Figure 4 provided the following information: At the first level we have the target variable named electronic banking, with three categories namely computer only (47%), mobile and computer (34%) and no user (19%). On the next level is products divided into 5 categories based upon the differing values of products. Products are the predictor that has the greatest impact on the likelihood of an electronic user. The majority of users with PBA only is in the computer only group, PBA +1 is 23% in the computer only and 18% in the mobile and computer group and PBA +2 users are equally divided between computer only and mobile and computer users.

In general all users were divided into 16 subgroups from parent to child nodes through different branches. By using the decision tree in Figure 4, researchers can identify combinations of predictors that establish the highest or lowest risk for a condition of interest. For example 13% of the computer only users are without a UK OLB platform or PFM in the age category 49.5-99 years and have PBA +1 product.

The Chi-squared test statistics for Table 3 was highly significant (p<0.0001), with a large effect size (Cohen’s v=0.35), which confirmed the close relationship between age and electronic banking groups. The discrepancy between the observed and expected number of users in each cell in the cross tabulation as quantified by the standardized residual is of particular interest.

Table 3: Contingency table of age categories versus electronic banking groups.

Computer only Mobile and Computer No User Total
Age <30 Count 9 19 3 31
Expected Count 14.5 10.3 6.1  
% of Total 0.20% 0.42% 0.07% 0.69%
Std. Residual -1.5 2.7 -1.3  
30-40 Count 79 152 25 256
Expected Count 120.1 85.4 50.5  
% of Total 1.75% 3.37% 0.55% 5.67%
Std. Residual -3.8 7.2 -3.6  
40-50 Count 464 525 160 1149
Expected Count 539.1 383.1 226.8  
% of Total 10.28% 11.63% 3.54% 25.45%
Std. Residual -3.2 7.3 -4.4  
50-60 Count 755 476 331 1405
Expected Count 732.9 520.8 308.3  
% of Total 16.73% 10.54% 7.33% 34.60%
Std. Residual 0.8 -2 1.3  
>60 Count 811 333 372 1516
Expected Count 711.3 505.4 299.2  
% of Total 17.97% 7.38% 8.24% 33.59%
Std. Residual 3.7 -7.7 4.2  
Total Count 2118 1505 891 4514
% of Total 46.92% 33.34% 19.74% 100.00%

Age is separated by a solid black line into electronic banking usage of younger versus older users. The positive standardized residuals of 2.7, 7.2 and 7.3 in the mobile and computer group column in Table 3 indicated that many more of the younger users than expected, (in the age categories <30, 30-40 and 40-50) preferred both mobile and computer electronic banking. An opposite result (negative standardized residuals) was observed for users in the computer only and no electronic user groups. The negative standardized residual of -7.7 in the mobile and computer group column in Table 3, indicated that far less older users than expected, (>60 years) preferred mobile and computer electronic banking. Again older users (>60 years) preferred computer only or no electronic banking at all. In a nutshell, users younger than 50 years preferred mobile and computer online banking and users older than 60 years favoured computer only or no electronic banking whatsoever. An interesting comment is that 78.9% of the No user group was older than 50 years.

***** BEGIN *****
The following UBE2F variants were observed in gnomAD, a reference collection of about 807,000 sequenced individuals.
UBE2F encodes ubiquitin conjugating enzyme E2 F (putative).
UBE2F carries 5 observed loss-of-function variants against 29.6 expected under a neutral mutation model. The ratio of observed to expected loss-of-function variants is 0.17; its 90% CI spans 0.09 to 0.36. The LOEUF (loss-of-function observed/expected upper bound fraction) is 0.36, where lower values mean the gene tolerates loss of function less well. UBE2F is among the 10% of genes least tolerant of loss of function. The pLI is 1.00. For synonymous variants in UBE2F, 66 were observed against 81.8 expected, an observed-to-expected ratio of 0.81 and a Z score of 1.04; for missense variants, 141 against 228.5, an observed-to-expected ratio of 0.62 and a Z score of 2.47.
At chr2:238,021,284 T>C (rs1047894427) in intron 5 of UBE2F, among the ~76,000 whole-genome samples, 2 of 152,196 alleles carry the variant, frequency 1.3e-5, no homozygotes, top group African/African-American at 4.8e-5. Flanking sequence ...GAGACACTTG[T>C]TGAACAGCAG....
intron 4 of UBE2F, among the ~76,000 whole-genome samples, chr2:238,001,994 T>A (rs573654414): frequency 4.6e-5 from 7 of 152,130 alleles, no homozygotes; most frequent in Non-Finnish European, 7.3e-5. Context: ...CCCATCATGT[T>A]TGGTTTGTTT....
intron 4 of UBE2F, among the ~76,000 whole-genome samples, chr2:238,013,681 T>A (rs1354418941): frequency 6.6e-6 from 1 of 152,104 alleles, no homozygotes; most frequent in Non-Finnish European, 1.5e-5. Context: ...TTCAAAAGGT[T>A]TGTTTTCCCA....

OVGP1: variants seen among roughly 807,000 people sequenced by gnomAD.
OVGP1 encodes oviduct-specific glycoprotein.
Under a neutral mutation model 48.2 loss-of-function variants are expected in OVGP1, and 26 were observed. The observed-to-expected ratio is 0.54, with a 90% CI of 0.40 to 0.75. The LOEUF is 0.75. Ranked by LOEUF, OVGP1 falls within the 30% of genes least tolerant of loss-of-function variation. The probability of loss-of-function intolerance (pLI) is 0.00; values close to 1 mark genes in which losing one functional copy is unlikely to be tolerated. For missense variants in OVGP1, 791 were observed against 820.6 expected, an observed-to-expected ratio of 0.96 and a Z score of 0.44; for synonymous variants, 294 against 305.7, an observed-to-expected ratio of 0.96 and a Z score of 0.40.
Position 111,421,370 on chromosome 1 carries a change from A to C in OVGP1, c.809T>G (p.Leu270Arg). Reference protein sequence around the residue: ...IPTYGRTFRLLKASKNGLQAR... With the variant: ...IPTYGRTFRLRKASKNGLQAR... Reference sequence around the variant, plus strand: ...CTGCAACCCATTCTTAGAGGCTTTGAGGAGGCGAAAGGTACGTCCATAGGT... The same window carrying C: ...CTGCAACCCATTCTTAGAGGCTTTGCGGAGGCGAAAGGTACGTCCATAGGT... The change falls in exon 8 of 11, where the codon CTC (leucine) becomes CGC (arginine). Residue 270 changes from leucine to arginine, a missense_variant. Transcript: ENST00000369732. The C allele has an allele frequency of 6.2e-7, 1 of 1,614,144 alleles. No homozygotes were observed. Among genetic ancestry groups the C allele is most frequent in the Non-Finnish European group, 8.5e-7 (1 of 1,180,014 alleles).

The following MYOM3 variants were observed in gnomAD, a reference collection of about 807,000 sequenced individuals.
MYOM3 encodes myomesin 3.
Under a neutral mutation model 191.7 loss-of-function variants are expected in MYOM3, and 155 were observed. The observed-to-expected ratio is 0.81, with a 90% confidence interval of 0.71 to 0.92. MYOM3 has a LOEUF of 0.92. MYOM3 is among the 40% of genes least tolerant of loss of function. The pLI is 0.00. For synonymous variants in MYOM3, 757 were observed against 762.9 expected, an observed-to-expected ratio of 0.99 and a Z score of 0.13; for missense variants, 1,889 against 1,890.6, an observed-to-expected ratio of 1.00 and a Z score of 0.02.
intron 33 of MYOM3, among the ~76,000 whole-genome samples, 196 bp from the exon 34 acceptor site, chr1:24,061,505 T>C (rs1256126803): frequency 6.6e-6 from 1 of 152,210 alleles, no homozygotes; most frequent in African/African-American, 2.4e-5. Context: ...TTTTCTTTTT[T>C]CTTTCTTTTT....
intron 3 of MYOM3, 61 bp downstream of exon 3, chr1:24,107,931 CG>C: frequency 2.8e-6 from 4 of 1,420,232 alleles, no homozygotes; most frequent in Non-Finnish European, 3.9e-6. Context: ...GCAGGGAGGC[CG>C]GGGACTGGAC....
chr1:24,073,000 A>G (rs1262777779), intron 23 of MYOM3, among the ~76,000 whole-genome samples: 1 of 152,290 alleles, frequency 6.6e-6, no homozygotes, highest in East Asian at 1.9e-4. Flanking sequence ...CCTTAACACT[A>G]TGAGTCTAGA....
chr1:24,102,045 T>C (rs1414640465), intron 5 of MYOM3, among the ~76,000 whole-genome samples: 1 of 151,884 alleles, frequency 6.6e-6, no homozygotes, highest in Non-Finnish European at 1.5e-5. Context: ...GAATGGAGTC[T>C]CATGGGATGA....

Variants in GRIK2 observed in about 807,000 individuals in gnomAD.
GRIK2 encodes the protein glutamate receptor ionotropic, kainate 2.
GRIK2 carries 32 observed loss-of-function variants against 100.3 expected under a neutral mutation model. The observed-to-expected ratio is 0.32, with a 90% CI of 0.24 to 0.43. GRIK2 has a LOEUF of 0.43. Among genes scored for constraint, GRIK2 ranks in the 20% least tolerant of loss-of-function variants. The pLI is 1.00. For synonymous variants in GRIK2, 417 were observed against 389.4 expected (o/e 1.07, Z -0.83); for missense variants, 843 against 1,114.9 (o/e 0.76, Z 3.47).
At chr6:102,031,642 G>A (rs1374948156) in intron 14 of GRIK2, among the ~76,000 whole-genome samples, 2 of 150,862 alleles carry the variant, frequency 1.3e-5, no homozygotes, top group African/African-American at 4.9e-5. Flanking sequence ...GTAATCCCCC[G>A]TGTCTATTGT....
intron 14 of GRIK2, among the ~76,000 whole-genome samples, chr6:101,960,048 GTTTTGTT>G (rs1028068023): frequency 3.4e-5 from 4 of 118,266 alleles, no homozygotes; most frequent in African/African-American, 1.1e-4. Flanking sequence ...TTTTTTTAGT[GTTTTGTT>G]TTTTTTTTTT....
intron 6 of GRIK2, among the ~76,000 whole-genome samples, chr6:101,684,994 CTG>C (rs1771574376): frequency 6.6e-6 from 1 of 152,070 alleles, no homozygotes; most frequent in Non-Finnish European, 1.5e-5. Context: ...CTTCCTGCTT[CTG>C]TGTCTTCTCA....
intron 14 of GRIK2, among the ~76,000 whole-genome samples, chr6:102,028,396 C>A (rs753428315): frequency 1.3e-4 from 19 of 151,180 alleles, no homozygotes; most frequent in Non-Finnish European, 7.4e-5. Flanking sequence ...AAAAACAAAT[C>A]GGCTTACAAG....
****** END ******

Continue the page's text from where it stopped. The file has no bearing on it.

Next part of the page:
Phase 5: Evaluation

This phase was used to evaluate the output of the models based on the business and research objectives described. The first business/research objective was focused on getting a better understanding of the demographics that had an influence on electronic banking behavior. By analysing the data mining results it was clear that age had an impact on electronic banking usage and it implied that the younger users were more likely to be electronic users. The user’s product range was one of the biggest influencers. When a user had more products at the bank they made use of electronic banking and especially a combination of mobile and computer platforms. The biggest part of the no users group was users who had no private bank products. Users who had invested in UK and SA private bank products were mostly computer and mobile banking users. Users with SA Wealth and Investment accounts were more likely to use electronic banking than not. Most of the users who made use of the personal financial manager (PFM) functionality were mobile and computer banking users. Gender didn’t have a significant impact on electronic banking usage.

The second business/research objective focused on segmenting the data to establish electronic banking behavior of High Net-worth Individuals by looking at the customer demographics and usage information. The data was segmented into the three electronic banking usage categories namely Computer Only User, Mobile and Computer User and No User. In the Computer Only User segment majority of the users were between the age of 49 and 99 and had a private bank SA account combined with a lending or treasury account. None of them had a wealth and investment or Private bank UK product and only 4% of the computer only users used the Personal Financial Management (PFM) tool. In the Mobile and Computer User segment most of the users were between the age of 40 and 60 and had a PBA treasury and or lending account. Out of the 35% of users in the Mobile and Computer user segment who used PFM, more than half of the users were below 50 years of age. In the No User segment almost half of the users had only a Private Bank account where the biggest part of the other half had no Private Bank Account but had a lending or treasury account. Basically all the users in the No User segment didn’t had a Wealth and Investment or Private Bank UK account and were older than 50 years. All the No Users who were older than 50 years didn’t use the PFM tool.